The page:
The problem is you start to believe that bad things are happening more often whether they are or not, which is a short trip to feeling overly anxious and paranoid.

Doomscrolling has been known to trigger or worsen depression by causing us to compare our lives to the “perfect people” we see on social media highlight reels. If you like feelings of inadequacy, loneliness, and worthlessness, this is a great way to achieve them.

Loss of Productivity: Here’s a big one. We’re talking about the loss of productivity and not just at work. When we’re doomscrolling, we’re not focused on the task at hand, whether that’s work, school, or taking care of our families. More time on phones and computers means less time plugged into our real world obligations. And then you wonder why you don’t get things done anymore?

Addictive Behaviors: Doomscrolling can be a great way to develop a destructive addiction. Some people numb themselves alcohol and drugs. Now you can use social media as well. Do you ever find yourself hanging out on your device, not really doing or looking for anything specific? You might as well be snorting a line of cocaine off the coffee table. Maybe that’s a bit severe of a comparison but there is a point to be made. Addiction is addiction.

Of course, addictions, including doomscrolling, are rarely a good thing that lead to a happy, fulfilled life. In fact, they are more likely to make you feel even more isolated and lonely than before.

Changes in Cognition: This one should scare you. It has been indicated that doomscrolling can lead to actual physical changes in your cognitive abilities. Some studies show that people who frequently use (abuse) social media are more likely to have attention deficit and problems with memory recall.

How to Limit Doomscrolling

If you think you have a problem with doomscrolling and it’s enough to negatively impact your mental health, there are a few things you can do to combat it.

Set a time limit: One of the simplest things you can do is set a time limit for yourself. Decide how long you want to spend on social media each day, and then stick to it. You can use apps to help you track your screen time and even shut down certain apps if you exceed them.

Take breaks: Instead of scrolling through your feed mindlessly, take breaks throughout the day. Get up and move around, take a few deep breaths, or do something else to help you relax.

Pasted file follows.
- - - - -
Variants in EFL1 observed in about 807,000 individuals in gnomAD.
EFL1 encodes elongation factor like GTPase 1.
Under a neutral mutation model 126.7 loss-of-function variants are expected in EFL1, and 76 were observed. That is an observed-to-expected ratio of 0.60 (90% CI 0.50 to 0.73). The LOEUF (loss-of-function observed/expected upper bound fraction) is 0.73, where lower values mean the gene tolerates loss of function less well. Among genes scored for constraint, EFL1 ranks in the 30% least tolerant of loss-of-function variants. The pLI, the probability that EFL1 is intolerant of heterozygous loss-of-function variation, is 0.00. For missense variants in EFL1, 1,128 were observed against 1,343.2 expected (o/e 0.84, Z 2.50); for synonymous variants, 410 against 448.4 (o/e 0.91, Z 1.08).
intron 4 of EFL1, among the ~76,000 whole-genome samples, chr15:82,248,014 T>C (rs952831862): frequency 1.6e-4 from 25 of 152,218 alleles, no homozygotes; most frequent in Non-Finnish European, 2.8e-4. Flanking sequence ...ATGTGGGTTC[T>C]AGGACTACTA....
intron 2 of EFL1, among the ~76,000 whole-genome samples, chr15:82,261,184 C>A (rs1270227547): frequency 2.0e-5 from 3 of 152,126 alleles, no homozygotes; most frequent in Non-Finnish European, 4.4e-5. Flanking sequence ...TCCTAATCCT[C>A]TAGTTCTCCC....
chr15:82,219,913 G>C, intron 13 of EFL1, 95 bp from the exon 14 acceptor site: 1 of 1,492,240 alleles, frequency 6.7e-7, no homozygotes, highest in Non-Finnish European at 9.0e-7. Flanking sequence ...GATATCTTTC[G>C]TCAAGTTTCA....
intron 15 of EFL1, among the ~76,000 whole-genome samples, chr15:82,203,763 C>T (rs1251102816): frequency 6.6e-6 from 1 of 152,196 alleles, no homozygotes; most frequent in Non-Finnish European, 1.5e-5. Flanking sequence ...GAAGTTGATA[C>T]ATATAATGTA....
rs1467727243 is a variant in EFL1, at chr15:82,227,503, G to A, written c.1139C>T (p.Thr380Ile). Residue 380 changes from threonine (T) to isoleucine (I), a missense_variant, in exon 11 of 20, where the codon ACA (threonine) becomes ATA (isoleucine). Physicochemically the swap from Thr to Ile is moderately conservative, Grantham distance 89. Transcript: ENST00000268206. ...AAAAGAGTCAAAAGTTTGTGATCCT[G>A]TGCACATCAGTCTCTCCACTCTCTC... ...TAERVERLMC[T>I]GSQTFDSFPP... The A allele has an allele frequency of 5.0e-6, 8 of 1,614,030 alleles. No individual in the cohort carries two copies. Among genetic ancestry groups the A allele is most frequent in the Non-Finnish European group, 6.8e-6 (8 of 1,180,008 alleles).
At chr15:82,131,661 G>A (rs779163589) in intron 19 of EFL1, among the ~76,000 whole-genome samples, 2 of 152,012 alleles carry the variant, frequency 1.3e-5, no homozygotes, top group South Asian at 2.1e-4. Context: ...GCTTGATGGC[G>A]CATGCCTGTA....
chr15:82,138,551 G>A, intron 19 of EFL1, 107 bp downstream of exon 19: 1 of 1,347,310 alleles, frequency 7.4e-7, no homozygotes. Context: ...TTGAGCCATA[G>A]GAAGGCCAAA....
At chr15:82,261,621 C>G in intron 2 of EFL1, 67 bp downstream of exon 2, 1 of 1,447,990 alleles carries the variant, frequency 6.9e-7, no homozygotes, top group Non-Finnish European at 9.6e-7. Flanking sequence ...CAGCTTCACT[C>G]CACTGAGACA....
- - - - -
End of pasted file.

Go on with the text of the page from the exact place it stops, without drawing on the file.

Hide notifications: Another way to limit doomscrolling is to hide notifications from social media apps. That way, you won’t be as tempted to pick up your phone every time you get a new message.

Find other ways to relax: Instead of using social media as a way to relax, find other activities that you enjoy. This could be reading, going for a walk, listening to music, or anything else that helps you unwind.

Follow positive accounts and unfollow negative accounts: Another tip is to be intentional about the accounts that you follow. Follow accounts that make you feel good and unfollow those that make you feel anxious or stressed.

Talk to someone: If you’re feeling overwhelmed, talk to a friend or family member. Sometimes it can help to talk to a real person about what’s going on in your life and how you’re feeling.

Seek professional help: If you’re struggling to cope with anxiety, depression, or other mental health issues, seek professional help. A therapist can help you develop coping mechanisms and work through the problems you’re facing.

Final Thoughts

It’s a pretty sure bet that social media is not going away any time soon, so you need to develop a healthy relationship with it. Following the tips above can help limit the amount of time you spend doomscrolling and return you to a more balanced life in the process.

About the Author
Bernard Brode is a nanotechnology product researcher and believes that it might end up being the biggest tech story of all time.